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Series of explosions in Sri Lanka churches and hotels kills dozens

Over 100 people were killed Sunday in a string of blasts at hotels and churches in Sri Lanka as worshippers attended Easter services, a police official told AFP.

The fatalities include at least 45 people killed in Colombo, where three hotels and a church were hit, and another 25 dead in the town of Batticoloa, 250 km (155 miles) east of the capital, where a church was attacked.

The first explosions were reported at St. Anthony’s Church in Colombo and St. Sebastian’s in the town of Negombo just outside the capital.

A police official said at least 67 people were killed in the St. Sebastian’s blast.

At least 160 people injured in the St. Anthony’s blast had been admitted to the Colombo National Hospital by mid-morning, an official told AFP.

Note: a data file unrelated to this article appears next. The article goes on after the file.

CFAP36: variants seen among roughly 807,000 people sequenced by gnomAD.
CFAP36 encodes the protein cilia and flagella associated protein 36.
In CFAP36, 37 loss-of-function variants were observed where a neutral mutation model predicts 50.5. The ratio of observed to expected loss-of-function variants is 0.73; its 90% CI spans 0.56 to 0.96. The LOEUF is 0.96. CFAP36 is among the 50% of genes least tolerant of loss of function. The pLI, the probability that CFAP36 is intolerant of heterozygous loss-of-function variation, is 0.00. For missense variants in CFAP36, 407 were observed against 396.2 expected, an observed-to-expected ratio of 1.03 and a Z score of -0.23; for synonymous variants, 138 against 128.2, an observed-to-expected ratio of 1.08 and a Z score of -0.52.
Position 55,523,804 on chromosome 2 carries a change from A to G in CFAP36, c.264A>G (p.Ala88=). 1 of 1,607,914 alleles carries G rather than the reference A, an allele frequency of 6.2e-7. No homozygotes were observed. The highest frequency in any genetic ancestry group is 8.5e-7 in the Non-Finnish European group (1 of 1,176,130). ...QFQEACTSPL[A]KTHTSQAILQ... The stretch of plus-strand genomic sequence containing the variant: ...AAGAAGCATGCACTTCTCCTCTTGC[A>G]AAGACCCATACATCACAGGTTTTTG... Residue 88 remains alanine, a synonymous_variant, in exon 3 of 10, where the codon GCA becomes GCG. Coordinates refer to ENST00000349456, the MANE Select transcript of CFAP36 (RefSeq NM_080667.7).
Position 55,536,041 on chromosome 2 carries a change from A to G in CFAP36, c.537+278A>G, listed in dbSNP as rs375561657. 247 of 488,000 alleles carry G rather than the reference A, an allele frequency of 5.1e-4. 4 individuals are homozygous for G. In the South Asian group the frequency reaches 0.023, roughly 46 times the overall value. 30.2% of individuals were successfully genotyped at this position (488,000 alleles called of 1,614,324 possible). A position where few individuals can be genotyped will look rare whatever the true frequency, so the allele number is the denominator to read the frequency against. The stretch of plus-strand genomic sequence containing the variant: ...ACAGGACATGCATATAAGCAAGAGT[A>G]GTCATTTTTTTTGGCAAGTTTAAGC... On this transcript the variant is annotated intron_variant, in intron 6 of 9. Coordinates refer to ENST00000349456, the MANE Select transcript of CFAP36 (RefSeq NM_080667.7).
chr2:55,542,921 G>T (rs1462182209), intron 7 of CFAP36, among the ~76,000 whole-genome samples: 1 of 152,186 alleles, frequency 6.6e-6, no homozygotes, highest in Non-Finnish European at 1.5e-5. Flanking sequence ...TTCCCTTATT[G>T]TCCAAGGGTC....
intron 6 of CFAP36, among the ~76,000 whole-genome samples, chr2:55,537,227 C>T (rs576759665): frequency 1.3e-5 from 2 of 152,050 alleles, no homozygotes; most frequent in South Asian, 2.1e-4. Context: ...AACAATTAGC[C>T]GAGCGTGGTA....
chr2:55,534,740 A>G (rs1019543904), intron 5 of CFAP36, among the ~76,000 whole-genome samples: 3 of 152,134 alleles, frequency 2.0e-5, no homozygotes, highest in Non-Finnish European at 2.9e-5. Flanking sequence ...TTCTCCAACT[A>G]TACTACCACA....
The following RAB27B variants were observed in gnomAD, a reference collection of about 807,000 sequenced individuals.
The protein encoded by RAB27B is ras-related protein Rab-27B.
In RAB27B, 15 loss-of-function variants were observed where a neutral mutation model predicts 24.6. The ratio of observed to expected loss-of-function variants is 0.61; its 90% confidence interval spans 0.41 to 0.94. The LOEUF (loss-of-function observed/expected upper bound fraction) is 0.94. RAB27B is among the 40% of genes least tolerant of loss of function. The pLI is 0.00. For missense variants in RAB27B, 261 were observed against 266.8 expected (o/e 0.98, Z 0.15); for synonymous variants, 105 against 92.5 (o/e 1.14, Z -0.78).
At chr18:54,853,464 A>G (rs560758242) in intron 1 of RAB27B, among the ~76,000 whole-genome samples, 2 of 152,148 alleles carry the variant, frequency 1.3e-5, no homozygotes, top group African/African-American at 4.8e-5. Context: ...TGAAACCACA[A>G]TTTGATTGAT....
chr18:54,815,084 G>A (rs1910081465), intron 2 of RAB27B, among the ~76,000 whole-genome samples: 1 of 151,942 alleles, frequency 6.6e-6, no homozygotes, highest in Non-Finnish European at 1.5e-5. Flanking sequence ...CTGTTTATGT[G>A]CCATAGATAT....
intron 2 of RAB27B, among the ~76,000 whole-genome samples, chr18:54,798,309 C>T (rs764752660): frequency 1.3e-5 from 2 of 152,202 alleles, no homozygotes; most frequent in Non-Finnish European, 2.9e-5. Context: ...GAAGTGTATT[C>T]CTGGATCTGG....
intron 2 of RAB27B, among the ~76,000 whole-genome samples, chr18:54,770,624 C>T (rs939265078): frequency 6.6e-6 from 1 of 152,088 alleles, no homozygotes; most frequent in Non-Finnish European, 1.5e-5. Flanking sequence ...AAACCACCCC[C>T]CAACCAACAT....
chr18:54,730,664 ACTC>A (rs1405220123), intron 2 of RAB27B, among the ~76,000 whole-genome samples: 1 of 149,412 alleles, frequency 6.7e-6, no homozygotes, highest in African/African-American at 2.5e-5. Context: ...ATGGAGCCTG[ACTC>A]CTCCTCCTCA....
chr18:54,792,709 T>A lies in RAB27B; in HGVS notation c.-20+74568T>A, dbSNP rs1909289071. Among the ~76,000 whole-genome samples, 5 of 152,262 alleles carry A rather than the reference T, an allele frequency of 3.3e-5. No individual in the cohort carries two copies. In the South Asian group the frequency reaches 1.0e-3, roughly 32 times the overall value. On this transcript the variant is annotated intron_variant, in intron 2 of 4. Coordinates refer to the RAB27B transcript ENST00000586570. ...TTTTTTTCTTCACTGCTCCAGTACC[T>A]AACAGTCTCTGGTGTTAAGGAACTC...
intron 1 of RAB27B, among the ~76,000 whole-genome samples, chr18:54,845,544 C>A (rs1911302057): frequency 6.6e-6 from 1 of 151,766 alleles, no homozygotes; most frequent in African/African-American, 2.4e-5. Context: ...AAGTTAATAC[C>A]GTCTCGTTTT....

“A bomb attack to our church, please come and help if your family members are there,” read a post in English on the Facebook page of the St. Sebastian’s Church at Katuwapitiya in Negombo.

Another explosion was reported at a church in the town of Batticaloa, in the east of the country.

Shortly after those blasts were reported, police confirmed three hotels in the capital had also been hit, the Shangri-La, the Cinnamon Grand and the Kingsbury.

At least one of the victims was killed in the Cinnamon Grand Hotel, near the prime minister’s official residence, where the blast ripped through a restaurant, a hotel official told AFP.

An official at the Batticaloa hospital told AFP more than 300 people had been admitted with injuries following the blast there.

Graphic photos circulating on social media showed the roof of one church had been almost blown off in the blast.

The floor was littered with a mixture of roof tiles, splintered wood and blood.

Several people could be seen covered in blood, with some trying to help those with more serious injuries.

The images could not immediately be verified.

No group has claimed responsibility for the attacks, but police said they appeared coordinated, the New York Times reported.

Only around six percent of mainly Buddhist Sri Lanka is Catholic, but the religion is seen as a unifying force because it includes people from both the Tamil and majority Sinhalese ethnic groups.

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